• Welcome to Phoenix Rising!

    Created in 2008, Phoenix Rising is the largest and oldest forum dedicated to furthering the understanding of and finding treatments for complex chronic illnesses such as chronic fatigue syndrome (ME/CFS), fibromyalgia (FM), long COVID, postural orthostatic tachycardia syndrome (POTS), mast cell activation syndrome (MCAS), and allied diseases.

    To become a member, simply click the Register button at the top right.

mechanism for normal Sp02 when short of breath?

WillowJ

คภภเє ɠรค๓թєl
Messages
4,940
Location
WA, USA
do we think our Sp02 (oxygen saturation in the blood of our finger, which is where it's convenient to test) stays normal, even when we're short of breath?

do we think this is because our tissues don't utilize oxygen well? Is this a mitochondria thing, or what?
 

Emootje

Senior Member
Messages
356
Location
The Netherlands
I think it's a mitochondria thing and a perfusion thing.
Lately I am very interested in the Albert Donnay theories. He thinks that the mitochondria toxin - carbon monoxide - induced by heme oxygenase (HO) is the cause of CFS and CFS-like diseases. HO is induced by many stressors:

Koolmonoxide.JPG

I don't think that carbon monoxide is the main cause of CFS but I like the idea to monitor the disease with a carbon monoxide detector. He recommended a Fluke CO-220 and I will probably buy one.

He also mentioned that high venous SpO2 (>65%) and high pO2 (>35mmHg) are indicative for low cellular oxygen uptake and are easy to test with a blood gas analyzer.
For more info:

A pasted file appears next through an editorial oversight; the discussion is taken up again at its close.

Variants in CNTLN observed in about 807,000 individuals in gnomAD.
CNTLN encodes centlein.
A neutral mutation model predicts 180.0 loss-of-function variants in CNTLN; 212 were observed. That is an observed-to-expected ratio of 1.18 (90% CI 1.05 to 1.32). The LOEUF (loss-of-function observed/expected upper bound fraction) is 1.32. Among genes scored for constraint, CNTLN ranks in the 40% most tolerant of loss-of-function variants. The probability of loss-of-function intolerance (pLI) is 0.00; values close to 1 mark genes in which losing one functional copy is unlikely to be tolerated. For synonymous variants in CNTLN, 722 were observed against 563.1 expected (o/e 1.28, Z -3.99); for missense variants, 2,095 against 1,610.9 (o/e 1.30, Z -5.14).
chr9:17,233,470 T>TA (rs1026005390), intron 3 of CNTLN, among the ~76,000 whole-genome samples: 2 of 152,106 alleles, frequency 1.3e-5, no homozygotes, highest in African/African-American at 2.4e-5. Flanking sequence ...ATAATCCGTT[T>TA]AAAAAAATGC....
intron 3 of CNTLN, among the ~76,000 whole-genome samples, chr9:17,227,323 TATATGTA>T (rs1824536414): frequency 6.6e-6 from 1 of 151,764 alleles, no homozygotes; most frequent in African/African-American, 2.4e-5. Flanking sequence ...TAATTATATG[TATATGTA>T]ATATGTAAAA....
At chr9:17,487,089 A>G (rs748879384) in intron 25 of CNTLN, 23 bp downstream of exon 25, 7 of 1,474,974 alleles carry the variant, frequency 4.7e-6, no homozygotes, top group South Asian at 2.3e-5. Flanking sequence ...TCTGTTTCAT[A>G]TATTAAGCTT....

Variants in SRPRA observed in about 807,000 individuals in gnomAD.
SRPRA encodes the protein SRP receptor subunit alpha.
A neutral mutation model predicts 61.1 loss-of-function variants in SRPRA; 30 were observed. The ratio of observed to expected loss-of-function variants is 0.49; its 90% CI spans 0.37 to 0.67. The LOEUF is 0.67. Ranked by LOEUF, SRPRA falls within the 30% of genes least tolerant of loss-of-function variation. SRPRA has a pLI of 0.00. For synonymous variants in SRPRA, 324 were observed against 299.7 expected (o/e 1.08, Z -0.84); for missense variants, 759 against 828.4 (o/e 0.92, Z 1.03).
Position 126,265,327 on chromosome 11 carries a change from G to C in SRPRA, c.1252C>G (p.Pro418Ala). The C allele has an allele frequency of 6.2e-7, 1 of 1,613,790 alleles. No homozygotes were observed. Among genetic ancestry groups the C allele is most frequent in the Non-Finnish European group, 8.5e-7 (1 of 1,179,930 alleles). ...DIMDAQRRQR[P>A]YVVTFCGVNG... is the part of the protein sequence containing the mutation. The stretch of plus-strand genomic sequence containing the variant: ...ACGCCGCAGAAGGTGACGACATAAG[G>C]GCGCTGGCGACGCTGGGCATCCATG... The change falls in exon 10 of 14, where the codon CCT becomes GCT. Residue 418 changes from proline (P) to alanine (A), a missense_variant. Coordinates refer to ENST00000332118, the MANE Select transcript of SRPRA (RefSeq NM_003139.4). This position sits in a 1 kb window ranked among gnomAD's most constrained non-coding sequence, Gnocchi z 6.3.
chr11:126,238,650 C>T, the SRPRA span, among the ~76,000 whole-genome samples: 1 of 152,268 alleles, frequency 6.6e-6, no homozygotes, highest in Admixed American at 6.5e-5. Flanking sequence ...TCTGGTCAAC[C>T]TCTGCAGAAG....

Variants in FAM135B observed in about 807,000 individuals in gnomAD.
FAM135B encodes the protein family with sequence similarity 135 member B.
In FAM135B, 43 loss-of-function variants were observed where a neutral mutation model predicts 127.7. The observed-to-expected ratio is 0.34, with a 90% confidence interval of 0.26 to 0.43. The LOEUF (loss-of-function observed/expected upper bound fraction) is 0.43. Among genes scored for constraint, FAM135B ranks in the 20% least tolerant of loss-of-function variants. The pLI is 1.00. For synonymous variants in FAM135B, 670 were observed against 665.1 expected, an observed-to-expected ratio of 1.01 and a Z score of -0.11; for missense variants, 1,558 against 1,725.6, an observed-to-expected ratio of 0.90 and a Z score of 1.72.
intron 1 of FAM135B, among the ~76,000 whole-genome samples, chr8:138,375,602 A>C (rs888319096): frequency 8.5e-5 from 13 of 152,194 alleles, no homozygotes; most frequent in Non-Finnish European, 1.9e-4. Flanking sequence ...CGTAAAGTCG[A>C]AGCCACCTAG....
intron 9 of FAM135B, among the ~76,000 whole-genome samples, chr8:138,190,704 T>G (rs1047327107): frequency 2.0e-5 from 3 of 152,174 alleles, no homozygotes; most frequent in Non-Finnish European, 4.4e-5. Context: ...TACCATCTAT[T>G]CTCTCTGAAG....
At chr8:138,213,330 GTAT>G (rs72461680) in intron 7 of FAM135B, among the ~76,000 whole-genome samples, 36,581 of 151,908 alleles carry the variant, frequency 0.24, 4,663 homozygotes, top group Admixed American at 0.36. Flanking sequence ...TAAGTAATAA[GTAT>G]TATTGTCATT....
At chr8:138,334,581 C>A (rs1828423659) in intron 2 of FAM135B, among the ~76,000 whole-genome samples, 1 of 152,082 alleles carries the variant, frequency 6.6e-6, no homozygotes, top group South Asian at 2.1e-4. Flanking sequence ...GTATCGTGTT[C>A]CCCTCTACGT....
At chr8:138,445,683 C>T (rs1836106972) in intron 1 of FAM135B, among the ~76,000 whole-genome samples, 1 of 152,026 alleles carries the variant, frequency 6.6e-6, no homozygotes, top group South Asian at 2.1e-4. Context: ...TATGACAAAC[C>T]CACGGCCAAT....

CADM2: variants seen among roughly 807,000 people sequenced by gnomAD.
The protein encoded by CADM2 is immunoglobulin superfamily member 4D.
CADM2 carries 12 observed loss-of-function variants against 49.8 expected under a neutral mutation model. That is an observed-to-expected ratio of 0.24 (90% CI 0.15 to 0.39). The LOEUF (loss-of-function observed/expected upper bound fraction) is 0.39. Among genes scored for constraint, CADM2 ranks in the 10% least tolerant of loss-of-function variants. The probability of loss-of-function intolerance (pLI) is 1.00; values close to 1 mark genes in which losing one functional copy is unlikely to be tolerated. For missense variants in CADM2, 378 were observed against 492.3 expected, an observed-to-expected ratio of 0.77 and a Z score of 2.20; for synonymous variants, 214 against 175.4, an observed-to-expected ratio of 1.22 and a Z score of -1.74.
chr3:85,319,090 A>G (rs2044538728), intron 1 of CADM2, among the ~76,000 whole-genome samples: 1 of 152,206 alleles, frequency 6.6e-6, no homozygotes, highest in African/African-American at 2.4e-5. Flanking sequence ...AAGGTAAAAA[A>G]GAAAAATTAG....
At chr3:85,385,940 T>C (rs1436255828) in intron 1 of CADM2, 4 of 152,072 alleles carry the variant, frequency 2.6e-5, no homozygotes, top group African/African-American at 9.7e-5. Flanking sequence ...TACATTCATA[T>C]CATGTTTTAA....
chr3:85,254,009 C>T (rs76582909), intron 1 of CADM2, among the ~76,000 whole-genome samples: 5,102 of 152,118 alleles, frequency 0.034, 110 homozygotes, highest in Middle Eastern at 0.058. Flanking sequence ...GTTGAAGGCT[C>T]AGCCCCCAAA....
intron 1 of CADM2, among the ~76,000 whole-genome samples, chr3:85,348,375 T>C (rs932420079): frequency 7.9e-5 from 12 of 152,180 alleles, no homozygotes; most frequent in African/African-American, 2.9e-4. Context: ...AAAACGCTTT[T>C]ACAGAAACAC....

http://www.mcsrr.org
http://www.mcsrr.org/resources/articles/P11.html
www.bartlett.ucl.ac.uk/web/ben/CO Measurement Protocols.doc
http://www.mcsrr.org/graphics/poeposter.jpg
http://www.mcsrr.org/CO Protocol.pdf

My blood results:
HbCO - 2,7% (<1,5% for non-smoker)
Venous pO2 - 41 mmHg (< 35 mmHg)
Venous SpO2 - 79% (<65%)

I also believe that fat-soluble oxidants and low blood volume play a major role in low cellular oxygen uptake.



There are four basic types of hypoxia:

1. Hypoxic hypoxia occurs when there is a deficiency in oxygen exchange in the lungs.
Some causes include:
? Decreased partial pressure of oxygen available at altitude
? Conditions that block the exchange at the alveolar capillary level (e.g. pneumonia, pulmonary edema, asthma, drowning)

2. Anemic hypoxia occurs when the body cannot transport the available oxygen to the target tissues.
Causes include:
? Anemia from acute or chronic blood loss
? Carbon monoxide poisoning
? Medications such as aspirin, sulfonamides and nitrites
? Methemoglobinemia
? Sickle cell disease

3. Stagnant hypoxia occurs when there is insufficient blood flow.
Causes include:
? Heart failure
? Decreased circulating blood volume
? Excess vasodilatation
? Excess vasoconstriction
? Hyperventilation

4. Histotoxic hypoxia occurs when the bodys tissues are not able to use the oxygen that has been delivered to them.
Causes include:
? Hydrogen sulfide (mitochondrial toxin)
? Cyanide (mitochondrial toxin)
? Alcohol (mitochondrial toxin)
? Narcotics (mitochondrial toxin)
? Pesticides (mitochondrial toxin)
? Peroxynitrite (mitochondrial toxin)
? Antiretroviral drugs (mitochondrial toxin)
? Low CO2, hyperventilation (high oxygen affinity of hemoglobin)